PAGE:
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Glyn v McGarel-Groves & Others, High Court, 25 July 2005

22 August 2005
The issues

Duty Of Care – Veterinary – Assumption Of Responsibility – Negligence

The facts

The Claimant brought a claim for veterinary fees. The Defendant denied the fees and counter claimed. She sought compensation from the Claimant and the Part 20 Defendant in respect of the death from laminitis of her horse “Anastasia”. It was common ground that the laminitis was caused by the veterinary treatment carried out on the horse by the Part 20 Defendant in the presence of the Claimant.

The horse was valuable, worth £350,000.00. The Defendant developed the horse into a successful dressage competition horse. The horse was competed on a regular basis by an experienced French rider, Mon Assouline (A). A ran a training establishment in Sussex. In 1995 it was agreed that the horse would stay at A’s yard on a permanent basis. A vet was therefore needed. A introduced the Defendant to Mr Glyn, the veterinary surgeon that he recommended.

By 1999 when the horse was being considered for inclusion in the French Dressage Team, the French thought that the horse showed signs of being slightly uneven on her left hind limb. Recommendation was made that the horse receive injections with cortico-steriods. The Defendant was aware of the treatment but not told that the use of the steroids involved a slight risk of laminitis. This was a known risk at the time.

The Judge found that had the Defendant been warned of the risk she would not have agreed to the treatment. Further treatment was required in 2001. Mr A gathered that the proposed treatment would be a repeat of the earlier treatment and told the Defendant accordingly. The Defendant agreed to the proposed treatment on the basis that Mr Glyn would be in attendance to protect her interests and to ensure that the horse was treated properly. On the evidence the Judge formed a strong impression that Mr Glyn was not simply an observed but had played a part in the actual decision making relating to the treatment of the horse when he attended. Mr Glyn denied that his duties involved any form of supervision of the treatment but he accepted that his duties included observing the treatment. The Judge found as a fact that Mr Glyn had accepted that his duty to observe the treatment also involved and gave rise to a further duty to intervene to protect the horse if a proposal for actual treatment was in any way inappropriate.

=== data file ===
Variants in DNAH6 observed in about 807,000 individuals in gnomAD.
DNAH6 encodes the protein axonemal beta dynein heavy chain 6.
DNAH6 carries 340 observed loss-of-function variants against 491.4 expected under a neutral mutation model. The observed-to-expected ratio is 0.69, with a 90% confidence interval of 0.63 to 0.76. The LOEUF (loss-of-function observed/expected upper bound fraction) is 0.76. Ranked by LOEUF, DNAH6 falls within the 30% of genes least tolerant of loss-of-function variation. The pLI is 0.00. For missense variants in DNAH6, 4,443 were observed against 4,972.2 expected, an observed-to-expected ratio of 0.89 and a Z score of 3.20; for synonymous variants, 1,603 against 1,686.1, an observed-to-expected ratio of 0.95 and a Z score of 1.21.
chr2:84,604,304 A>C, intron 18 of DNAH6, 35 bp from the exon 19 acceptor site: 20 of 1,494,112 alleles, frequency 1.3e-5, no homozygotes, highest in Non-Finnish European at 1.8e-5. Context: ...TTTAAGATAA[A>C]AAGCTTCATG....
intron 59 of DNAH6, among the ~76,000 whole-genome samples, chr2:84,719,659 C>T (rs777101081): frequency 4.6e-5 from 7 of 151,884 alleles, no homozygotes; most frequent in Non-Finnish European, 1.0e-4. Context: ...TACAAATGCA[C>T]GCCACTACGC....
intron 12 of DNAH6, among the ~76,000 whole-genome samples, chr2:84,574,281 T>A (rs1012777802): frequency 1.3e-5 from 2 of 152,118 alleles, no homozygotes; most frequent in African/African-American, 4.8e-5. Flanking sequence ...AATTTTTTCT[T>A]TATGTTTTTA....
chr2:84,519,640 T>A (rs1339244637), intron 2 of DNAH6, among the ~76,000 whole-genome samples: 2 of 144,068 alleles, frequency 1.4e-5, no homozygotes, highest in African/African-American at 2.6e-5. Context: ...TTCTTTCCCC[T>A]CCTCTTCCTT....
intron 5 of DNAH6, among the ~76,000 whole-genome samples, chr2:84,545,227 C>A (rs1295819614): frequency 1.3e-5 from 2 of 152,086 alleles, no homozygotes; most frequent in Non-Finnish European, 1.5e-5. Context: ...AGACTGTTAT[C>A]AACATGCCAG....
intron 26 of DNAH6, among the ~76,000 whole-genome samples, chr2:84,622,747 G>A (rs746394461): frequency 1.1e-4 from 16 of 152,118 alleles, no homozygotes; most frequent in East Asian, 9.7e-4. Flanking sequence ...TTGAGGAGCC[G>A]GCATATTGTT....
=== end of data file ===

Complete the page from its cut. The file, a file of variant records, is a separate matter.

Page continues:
The decision

1. If the Defendant had been told or warned about the proposed treatment as she should have been she would not have allowed the treatment to go ahead.
2. If the treatment had not gone ahead the horse would not have died.
3.The Second Part 20 Defendant was therefore liable to the Defendant for negligence in the agreed amount of £350,000.00.
4. Mr Glyn was also in breach of duty and was jointly liable in the agreed sum of £350,000.00. He made himself unable to judge whether the proposed treatment was inappropriate by his failure to make any enquiries to the type of steroids that were to be used or the dosages that were to be administered. Mr Glyn had accepted that if he had known that the French vet was proposing to inject 80mg of Triamcinolone into each hock he would have intervened.

If a professional is tasked with observing a procedure it is clearly incumbent upon him to take reasonable steps to clarify and seek an understanding of what he is in fact observing. He needed not only to observe but to obtain a complete and accurate understanding of what he was observing. He did not have such an understanding and was not in a position to fulfil the role he had been given therefore. The apportionment between the French vet and Mr Glyn should be on the basis of 85/15.

Comments

Appeal by Mr Glyn dismissed by the Court of Appeal in July 2006.

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The content on this page is provided for the purposes of general interest and information. It contains only brief summaries of aspects of the subject matter and does not provide comprehensive statements of the law. It does not constitute legal advice and does not provide a substitute for it.

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